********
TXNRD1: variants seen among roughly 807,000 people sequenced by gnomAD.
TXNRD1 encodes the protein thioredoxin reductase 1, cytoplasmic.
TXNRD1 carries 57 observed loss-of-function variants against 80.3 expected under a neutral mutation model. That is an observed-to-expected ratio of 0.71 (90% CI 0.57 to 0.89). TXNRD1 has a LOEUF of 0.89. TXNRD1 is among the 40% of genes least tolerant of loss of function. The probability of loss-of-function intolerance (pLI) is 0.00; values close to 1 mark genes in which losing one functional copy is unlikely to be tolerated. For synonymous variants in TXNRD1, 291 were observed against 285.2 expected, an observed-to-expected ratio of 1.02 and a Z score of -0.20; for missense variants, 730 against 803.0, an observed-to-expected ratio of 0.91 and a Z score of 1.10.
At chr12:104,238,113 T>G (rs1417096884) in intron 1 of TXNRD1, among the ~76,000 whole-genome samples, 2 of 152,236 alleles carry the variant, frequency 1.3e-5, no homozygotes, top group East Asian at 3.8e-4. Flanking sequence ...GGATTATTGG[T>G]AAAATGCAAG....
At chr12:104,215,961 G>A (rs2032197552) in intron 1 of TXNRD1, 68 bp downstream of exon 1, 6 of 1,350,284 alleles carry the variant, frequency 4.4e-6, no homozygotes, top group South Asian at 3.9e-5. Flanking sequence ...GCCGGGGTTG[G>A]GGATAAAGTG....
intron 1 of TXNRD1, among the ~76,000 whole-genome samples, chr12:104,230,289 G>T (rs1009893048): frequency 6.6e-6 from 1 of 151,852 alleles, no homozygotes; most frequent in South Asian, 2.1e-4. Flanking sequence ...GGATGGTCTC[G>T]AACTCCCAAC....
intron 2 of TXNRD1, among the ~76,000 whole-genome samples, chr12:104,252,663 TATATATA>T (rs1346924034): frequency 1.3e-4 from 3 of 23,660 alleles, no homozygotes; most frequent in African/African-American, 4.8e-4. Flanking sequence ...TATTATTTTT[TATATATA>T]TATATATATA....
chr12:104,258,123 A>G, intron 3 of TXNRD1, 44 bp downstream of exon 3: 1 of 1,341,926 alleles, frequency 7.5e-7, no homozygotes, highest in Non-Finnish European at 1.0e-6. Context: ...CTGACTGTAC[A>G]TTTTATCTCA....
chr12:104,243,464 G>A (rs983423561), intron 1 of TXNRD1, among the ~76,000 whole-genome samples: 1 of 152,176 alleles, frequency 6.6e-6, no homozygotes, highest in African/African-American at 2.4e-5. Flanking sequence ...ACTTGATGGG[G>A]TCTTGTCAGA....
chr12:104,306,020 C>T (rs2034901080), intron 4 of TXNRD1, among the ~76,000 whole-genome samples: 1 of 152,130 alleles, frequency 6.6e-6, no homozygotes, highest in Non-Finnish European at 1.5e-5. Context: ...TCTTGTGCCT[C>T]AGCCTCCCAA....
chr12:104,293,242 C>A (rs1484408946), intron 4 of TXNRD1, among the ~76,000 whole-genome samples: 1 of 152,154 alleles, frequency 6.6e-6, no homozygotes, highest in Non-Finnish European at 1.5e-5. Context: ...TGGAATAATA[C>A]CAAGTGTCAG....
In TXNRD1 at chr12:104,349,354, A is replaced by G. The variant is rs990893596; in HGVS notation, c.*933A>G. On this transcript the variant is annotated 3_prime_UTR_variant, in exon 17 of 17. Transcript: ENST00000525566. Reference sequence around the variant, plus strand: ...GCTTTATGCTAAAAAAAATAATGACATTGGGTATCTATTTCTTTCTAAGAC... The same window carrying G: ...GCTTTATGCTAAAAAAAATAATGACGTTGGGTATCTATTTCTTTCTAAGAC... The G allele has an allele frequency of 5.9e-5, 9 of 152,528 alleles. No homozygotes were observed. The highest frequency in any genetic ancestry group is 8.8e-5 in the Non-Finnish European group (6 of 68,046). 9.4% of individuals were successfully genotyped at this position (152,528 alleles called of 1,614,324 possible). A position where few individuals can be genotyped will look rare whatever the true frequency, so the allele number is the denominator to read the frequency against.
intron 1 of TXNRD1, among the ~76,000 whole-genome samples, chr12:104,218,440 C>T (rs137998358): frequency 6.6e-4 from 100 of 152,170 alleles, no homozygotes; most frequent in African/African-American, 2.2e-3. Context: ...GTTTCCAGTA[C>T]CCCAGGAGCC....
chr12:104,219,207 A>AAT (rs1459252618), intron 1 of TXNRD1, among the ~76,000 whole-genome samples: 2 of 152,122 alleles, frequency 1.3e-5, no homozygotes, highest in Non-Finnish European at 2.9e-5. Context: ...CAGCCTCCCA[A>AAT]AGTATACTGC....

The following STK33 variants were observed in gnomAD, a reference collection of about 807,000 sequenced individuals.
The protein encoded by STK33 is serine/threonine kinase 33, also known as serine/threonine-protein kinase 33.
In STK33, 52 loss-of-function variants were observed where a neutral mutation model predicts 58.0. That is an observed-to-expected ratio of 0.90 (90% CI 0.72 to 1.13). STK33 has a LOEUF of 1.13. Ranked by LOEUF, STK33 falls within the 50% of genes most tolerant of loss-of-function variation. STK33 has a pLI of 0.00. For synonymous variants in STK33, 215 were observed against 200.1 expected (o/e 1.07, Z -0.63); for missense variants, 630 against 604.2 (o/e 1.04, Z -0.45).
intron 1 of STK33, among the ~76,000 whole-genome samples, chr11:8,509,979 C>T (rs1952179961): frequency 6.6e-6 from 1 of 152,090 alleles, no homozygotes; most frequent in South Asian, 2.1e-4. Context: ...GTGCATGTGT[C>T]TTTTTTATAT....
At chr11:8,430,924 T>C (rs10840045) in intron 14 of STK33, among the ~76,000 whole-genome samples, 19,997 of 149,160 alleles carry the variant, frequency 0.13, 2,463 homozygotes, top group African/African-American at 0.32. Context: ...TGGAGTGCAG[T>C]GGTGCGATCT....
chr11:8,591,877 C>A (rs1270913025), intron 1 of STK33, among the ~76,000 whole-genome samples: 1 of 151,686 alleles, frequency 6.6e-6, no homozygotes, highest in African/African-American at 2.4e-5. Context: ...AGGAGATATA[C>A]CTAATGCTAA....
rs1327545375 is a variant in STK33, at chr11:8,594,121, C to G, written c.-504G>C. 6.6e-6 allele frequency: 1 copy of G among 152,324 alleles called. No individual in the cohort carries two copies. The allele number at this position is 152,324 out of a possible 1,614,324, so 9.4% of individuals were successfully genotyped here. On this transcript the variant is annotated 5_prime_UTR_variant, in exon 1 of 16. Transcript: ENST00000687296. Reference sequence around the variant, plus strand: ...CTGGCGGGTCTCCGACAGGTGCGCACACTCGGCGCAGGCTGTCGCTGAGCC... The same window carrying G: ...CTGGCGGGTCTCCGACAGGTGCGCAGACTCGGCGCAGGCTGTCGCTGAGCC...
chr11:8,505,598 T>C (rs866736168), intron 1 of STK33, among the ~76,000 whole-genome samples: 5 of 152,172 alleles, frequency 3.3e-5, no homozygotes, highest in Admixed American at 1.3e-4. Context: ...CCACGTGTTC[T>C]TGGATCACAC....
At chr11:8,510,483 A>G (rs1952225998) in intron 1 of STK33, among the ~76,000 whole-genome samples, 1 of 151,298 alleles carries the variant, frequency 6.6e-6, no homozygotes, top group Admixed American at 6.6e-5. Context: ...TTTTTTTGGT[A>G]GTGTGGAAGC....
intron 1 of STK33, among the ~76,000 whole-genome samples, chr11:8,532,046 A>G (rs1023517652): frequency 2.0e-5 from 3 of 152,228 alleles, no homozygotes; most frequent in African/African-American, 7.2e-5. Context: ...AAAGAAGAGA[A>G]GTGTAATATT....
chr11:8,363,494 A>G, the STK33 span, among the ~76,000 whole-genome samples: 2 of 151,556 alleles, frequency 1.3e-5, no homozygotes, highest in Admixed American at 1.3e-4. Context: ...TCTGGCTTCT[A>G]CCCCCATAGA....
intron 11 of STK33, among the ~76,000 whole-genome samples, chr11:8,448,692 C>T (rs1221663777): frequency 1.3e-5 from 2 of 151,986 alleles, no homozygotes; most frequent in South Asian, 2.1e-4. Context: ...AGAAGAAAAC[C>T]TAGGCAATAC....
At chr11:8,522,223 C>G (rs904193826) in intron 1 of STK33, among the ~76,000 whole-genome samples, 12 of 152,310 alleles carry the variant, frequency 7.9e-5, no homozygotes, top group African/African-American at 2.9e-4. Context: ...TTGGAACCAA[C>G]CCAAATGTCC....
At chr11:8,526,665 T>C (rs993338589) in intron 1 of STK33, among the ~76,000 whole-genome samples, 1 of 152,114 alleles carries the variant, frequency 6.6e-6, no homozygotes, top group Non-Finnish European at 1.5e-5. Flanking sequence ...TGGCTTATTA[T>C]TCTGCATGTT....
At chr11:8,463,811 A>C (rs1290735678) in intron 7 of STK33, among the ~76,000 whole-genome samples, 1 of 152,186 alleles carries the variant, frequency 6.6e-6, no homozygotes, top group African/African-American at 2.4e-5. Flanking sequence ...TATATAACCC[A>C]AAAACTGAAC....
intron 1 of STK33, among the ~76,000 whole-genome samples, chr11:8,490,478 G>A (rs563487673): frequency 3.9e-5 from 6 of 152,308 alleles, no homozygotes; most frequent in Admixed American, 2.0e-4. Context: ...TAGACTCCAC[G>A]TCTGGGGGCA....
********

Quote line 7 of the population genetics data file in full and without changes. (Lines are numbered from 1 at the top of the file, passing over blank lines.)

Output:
intron 2 of TXNRD1, among the ~76,000 whole-genome samples, chr12:104,252,663 TATATATA>T (rs1346924034): frequency 1.3e-4 from 3 of 23,660 alleles, no homozygotes; most frequent in African/African-American, 4.8e-4. Flanking sequence ...TATTATTTTT[TATATATA>T]TATATATATA....